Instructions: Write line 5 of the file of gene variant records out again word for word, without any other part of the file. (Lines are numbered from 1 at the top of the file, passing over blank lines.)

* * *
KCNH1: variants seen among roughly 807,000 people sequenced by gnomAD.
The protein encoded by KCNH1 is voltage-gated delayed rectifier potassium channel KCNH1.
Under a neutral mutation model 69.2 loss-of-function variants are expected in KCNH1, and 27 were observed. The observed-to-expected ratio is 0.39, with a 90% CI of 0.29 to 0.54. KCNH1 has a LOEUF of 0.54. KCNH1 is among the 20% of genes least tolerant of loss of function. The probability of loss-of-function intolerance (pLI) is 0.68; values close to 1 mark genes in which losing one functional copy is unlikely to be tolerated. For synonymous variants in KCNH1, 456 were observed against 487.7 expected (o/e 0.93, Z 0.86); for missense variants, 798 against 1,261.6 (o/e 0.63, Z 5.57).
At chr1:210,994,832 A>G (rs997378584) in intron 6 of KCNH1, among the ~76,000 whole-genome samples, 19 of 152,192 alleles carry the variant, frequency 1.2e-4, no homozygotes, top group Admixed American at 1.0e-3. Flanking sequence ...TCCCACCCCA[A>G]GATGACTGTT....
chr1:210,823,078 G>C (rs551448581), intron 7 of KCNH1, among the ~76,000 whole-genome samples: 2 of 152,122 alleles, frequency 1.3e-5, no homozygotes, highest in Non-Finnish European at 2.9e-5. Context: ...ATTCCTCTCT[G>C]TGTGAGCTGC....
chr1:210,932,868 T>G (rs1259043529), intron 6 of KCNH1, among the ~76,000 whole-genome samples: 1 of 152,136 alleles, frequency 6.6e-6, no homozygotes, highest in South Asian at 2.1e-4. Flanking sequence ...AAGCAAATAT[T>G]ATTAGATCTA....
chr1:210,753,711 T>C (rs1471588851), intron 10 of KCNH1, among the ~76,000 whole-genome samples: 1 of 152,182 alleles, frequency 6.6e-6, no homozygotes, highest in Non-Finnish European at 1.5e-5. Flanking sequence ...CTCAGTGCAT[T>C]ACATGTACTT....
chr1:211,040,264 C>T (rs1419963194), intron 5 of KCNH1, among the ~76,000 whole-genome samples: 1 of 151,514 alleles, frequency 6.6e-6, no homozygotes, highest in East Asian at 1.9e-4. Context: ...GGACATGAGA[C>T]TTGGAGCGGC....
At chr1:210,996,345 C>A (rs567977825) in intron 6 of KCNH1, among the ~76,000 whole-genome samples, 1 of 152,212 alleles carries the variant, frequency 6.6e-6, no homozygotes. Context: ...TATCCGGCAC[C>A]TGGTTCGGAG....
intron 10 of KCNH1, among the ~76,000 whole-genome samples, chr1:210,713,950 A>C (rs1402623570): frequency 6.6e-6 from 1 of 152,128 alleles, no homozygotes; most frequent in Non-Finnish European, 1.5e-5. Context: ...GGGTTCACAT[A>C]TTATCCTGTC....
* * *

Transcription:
chr1:210,823,078 G>C (rs551448581), intron 7 of KCNH1, among the ~76,000 whole-genome samples: 2 of 152,122 alleles, frequency 1.3e-5, no homozygotes, highest in Non-Finnish European at 2.9e-5. Context: ...ATTCCTCTCT[G>C]TGTGAGCTGC....